Our Symposium on the Future of Seminary Education continues with new posts and articles to continue the conversation. Here, we share reflections by Dr. Ken Schenck, Dean and Professor of New Testament and Christian Ministry at Wesley Seminary at Indiana Wesleyan University, originally posted at his blog, Quadrilateral Thoughts.
Over at Patheos, they’ve asked a cross-section of their bloggers to respond to a series of questions on the future of seminary education. I thought I would give you the kinds of answers I would give for Wesley Seminary at IWU.
What is the purpose of a seminary education?
The purpose of a seminary education is to equip a wide variety of “ministers” to participate as fully and powerfully as possible in the mission of God in the world. There are a host of such ministries, among which ministry to a local worshiping community (i.e., a church) is the primary one. There are also ministries to the sick, the poor, the imprisoned, to those in military service (chaplaincy, urban ministry, etc). There are specialized ministry skill sets to particular age groups, locations, and demographics (youth ministry, classical missions). There is the ministry of knowledge for those who resource the church as educators. And seminaries might very well train a host of lay ministers and parachurch ministers.
What are the challenges seminaries face?
I see three primary challenges for seminaries in the days ahead, two practical and one ideological. I am convinced that the biggest challenge seminaries have faced in the last decade is accessibility. There will always be some who are willing to go live somewhere for three years but this number is in sharp decline. The real demand for seminary education now is by some sort of distance education, whether it be online or through satellite campuses. Cost is another major factor, especially in these economic times.
The ideological challenge is America’s move toward a post-Christian society. Whether one agrees with their thinking or not, evangelical seminaries remain in demand because their students sense something living there, something that might make a difference. The question is whether these answers have staying power. What institutions will future ministers perceive to be able to best address the issues that our culture is raising?
I want to throw in a challenge related to this last one, a complaint you hear often from pastors–”Seminary didn’t actually teach me the things I needed to know to do ministry.” I don’t actually think this is entirely the case. I think the problem is more that seminaries do not typically do a good job of showing seminary students the relevance of what they are learning. Seminaries usually lean heavily toward the theoretical and do less to exercise skills in applying theory to practice.
How are you preparing for those challenges?
Wesley Seminary at Indiana Wesleyan University was founded with these trends in mind. The university made a large commitment to the seminary so that it would be affordable. The university is particularly good at online and distance education, and we have transferred these strengths to our MA and MDIV programs. We have an onsite option, but the demand has clearly been the over 80% of our students who take two-thirds of their program online. In two years, we have over 200 students.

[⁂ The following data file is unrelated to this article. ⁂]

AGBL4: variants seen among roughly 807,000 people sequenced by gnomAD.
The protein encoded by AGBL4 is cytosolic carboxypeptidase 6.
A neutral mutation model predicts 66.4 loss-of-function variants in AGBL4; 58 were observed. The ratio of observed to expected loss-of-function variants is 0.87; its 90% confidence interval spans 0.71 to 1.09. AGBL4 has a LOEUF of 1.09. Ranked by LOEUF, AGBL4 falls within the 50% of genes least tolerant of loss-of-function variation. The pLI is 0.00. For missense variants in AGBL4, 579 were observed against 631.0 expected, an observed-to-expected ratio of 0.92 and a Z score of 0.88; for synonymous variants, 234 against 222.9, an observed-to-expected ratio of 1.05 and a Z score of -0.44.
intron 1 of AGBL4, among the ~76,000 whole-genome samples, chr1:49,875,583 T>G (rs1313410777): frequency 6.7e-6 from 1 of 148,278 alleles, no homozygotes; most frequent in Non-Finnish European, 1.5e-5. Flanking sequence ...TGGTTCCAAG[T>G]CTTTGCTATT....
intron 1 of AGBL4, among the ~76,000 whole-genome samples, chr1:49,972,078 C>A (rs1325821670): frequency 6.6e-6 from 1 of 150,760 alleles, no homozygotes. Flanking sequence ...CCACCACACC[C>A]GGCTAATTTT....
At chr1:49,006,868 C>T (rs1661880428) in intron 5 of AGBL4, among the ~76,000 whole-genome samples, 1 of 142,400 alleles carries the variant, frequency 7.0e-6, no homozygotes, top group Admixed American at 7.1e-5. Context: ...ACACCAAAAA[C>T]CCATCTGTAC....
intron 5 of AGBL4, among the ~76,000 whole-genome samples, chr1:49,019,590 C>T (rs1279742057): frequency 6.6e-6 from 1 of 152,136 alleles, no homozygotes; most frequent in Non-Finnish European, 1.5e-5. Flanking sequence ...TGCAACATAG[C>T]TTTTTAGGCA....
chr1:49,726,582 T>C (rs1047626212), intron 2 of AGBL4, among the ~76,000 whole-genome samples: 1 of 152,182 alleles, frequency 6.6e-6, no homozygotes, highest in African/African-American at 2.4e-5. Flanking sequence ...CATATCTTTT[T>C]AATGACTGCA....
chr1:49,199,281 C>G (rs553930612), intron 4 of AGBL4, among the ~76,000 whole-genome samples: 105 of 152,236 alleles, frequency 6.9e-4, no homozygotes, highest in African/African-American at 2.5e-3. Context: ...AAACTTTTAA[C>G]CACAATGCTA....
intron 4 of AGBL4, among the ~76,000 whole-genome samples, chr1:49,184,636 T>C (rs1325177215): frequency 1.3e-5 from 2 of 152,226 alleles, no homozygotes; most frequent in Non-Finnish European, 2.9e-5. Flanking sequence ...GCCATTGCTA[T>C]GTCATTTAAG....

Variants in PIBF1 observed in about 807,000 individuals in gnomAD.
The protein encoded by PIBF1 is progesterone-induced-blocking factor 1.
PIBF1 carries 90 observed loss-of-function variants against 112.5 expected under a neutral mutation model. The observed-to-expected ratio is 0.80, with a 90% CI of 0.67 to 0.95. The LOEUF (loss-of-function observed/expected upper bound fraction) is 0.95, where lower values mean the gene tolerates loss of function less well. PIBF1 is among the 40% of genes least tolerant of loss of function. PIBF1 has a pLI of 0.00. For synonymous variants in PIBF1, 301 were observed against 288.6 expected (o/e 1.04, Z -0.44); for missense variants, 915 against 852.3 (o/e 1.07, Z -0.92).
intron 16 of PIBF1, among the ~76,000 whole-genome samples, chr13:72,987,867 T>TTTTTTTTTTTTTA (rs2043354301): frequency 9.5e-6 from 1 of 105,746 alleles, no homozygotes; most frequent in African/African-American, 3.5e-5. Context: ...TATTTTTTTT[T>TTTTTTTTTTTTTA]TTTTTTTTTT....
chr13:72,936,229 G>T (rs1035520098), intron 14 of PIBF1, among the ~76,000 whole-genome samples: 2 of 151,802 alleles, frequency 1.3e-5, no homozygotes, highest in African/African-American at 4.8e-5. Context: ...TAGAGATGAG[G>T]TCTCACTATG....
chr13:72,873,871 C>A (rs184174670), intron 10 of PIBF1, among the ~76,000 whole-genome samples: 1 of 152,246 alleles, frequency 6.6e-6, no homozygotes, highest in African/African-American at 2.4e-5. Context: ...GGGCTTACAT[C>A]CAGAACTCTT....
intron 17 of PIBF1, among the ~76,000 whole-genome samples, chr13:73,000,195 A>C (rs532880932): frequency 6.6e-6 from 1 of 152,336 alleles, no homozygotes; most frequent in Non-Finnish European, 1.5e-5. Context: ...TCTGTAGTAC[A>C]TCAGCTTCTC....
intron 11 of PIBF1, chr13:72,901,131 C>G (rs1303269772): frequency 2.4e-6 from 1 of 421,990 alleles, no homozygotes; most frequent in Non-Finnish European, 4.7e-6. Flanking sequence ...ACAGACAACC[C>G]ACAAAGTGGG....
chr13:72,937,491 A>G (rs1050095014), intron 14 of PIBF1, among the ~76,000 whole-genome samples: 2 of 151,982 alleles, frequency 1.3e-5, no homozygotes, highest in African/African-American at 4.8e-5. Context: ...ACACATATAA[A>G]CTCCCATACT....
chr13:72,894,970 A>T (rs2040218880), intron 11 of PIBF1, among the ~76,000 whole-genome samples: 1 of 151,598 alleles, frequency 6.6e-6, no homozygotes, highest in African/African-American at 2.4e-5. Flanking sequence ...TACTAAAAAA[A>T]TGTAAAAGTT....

The most distinctive feature of our program is the way we have gone about integration in our curriculum to address the perceived disconnect between seminary and ministry as it really is. We require our MDIV students to be in a local ministry at least 20 hours a week, so many assignments are real church work. We have folded Bible, theology, and church history into the practice of ministry courses (a third of each praxis course is “foundational”). Students also do spiritual formation every semester.
That’s integration of theory with practice, foundations with practice, and the affective with the cognitive.
What is the future of theological education? What will a seminary education look like 10 years from now?
Seminaries will continue to move toward distance education. The online platforms get better and better and, while I do not think students want it, we are at the point where we could even have real time classes online where you could see all your fellow students. Only niche seminaries will survive in the future without a significant distance component.
I believe seminaries will get more and more practical. The days where professors are unaccountable for what they teach–meaning free to teach things perceived to be of no value by the students–are numbered. Whether we like it or not, seminaries are businesses in a competitive market. Those seminaries that don’t scratch the itch of some set of students won’t make it.
One direction the above trajectories point toward is onsite ministerial training. We already seeing the rise of large church ministerial training grounds here and there. There’s a good chance this trend will continue.
What new initiatives and/or creative conversations are shaping the life of your institution?
An immense amount of creativity went into the creation of the seminary and its fundamental design. Our leaders continue to think outside the box. We have started a Spanish version of the MDIV that is entirely in Spanish and two-thirds online. We are in the middle of global conversations about the possibility of serving other constituencies around the world as well. The leaders of the university are also dreaming another innovative plan for church planting where undergraduate students in various disciplines (e.g., nursing) pair up with ministry students (undergraduate or seminary) to plant new churches around the country and world.